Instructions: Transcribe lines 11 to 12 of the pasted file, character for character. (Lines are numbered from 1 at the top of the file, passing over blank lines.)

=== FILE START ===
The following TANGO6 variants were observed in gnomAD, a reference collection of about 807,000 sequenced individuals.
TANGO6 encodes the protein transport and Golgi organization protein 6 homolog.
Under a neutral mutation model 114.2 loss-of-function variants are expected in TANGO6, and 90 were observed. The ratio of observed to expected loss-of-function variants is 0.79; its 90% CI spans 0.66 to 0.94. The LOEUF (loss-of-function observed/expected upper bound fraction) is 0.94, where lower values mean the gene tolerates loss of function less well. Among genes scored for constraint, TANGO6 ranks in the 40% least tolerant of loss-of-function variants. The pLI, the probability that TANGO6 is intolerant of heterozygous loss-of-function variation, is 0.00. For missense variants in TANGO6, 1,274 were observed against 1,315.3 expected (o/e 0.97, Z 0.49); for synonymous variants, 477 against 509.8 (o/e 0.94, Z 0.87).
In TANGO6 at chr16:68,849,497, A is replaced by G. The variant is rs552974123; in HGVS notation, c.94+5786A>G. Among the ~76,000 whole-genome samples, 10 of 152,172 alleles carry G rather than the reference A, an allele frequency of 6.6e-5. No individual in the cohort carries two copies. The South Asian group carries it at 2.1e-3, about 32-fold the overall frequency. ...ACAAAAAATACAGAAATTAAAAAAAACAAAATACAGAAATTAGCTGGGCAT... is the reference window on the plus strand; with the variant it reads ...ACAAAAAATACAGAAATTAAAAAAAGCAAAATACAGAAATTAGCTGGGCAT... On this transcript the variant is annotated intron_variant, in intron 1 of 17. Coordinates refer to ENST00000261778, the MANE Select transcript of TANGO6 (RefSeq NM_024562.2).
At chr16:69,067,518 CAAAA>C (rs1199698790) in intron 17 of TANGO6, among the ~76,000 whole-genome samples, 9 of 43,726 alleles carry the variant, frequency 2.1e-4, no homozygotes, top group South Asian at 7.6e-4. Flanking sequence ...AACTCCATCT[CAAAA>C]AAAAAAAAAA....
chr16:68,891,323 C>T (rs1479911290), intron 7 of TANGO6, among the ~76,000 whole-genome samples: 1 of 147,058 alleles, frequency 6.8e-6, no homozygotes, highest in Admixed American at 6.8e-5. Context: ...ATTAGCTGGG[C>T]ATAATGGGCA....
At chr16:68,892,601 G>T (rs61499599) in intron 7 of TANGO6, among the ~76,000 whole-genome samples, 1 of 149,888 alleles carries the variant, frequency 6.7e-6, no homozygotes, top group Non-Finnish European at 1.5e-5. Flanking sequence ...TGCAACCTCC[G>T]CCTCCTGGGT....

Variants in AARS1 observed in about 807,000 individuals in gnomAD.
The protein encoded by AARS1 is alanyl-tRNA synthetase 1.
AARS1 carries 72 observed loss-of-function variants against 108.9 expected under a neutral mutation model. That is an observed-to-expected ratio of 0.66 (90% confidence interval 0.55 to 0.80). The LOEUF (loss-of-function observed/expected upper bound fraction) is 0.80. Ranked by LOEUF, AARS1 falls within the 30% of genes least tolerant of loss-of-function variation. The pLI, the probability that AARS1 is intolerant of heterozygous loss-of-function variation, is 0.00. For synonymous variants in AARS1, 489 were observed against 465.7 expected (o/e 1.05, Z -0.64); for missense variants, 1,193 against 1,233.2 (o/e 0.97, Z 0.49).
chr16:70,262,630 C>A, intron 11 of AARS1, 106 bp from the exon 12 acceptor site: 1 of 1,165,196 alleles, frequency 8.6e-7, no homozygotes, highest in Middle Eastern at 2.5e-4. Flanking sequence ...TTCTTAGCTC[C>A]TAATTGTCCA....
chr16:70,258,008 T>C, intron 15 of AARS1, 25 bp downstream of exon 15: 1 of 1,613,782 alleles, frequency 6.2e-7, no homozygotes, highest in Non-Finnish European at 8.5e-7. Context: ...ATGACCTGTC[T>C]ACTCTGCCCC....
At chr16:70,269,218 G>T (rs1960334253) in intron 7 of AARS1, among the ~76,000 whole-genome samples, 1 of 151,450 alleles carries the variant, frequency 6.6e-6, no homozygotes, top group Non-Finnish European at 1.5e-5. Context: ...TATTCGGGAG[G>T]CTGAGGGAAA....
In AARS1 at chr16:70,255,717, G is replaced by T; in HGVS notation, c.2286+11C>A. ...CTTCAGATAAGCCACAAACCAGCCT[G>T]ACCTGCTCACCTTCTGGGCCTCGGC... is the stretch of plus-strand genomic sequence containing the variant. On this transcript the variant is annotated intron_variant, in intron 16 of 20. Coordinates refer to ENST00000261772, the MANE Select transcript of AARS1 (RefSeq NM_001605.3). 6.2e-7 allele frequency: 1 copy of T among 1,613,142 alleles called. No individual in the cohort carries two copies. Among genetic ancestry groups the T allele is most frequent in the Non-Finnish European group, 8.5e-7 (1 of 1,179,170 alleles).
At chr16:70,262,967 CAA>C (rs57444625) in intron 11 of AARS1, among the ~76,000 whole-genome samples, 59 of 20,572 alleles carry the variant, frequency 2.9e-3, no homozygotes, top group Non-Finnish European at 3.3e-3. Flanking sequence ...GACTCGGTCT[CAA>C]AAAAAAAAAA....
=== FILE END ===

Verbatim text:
chr16:70,262,630 C>A, intron 11 of AARS1, 106 bp from the exon 12 acceptor site: 1 of 1,165,196 alleles, frequency 8.6e-7, no homozygotes, highest in Middle Eastern at 2.5e-4. Flanking sequence ...TTCTTAGCTC[C>A]TAATTGTCCA....
chr16:70,258,008 T>C, intron 15 of AARS1, 25 bp downstream of exon 15: 1 of 1,613,782 alleles, frequency 6.2e-7, no homozygotes, highest in Non-Finnish European at 8.5e-7. Context: ...ATGACCTGTC[T>C]ACTCTGCCCC....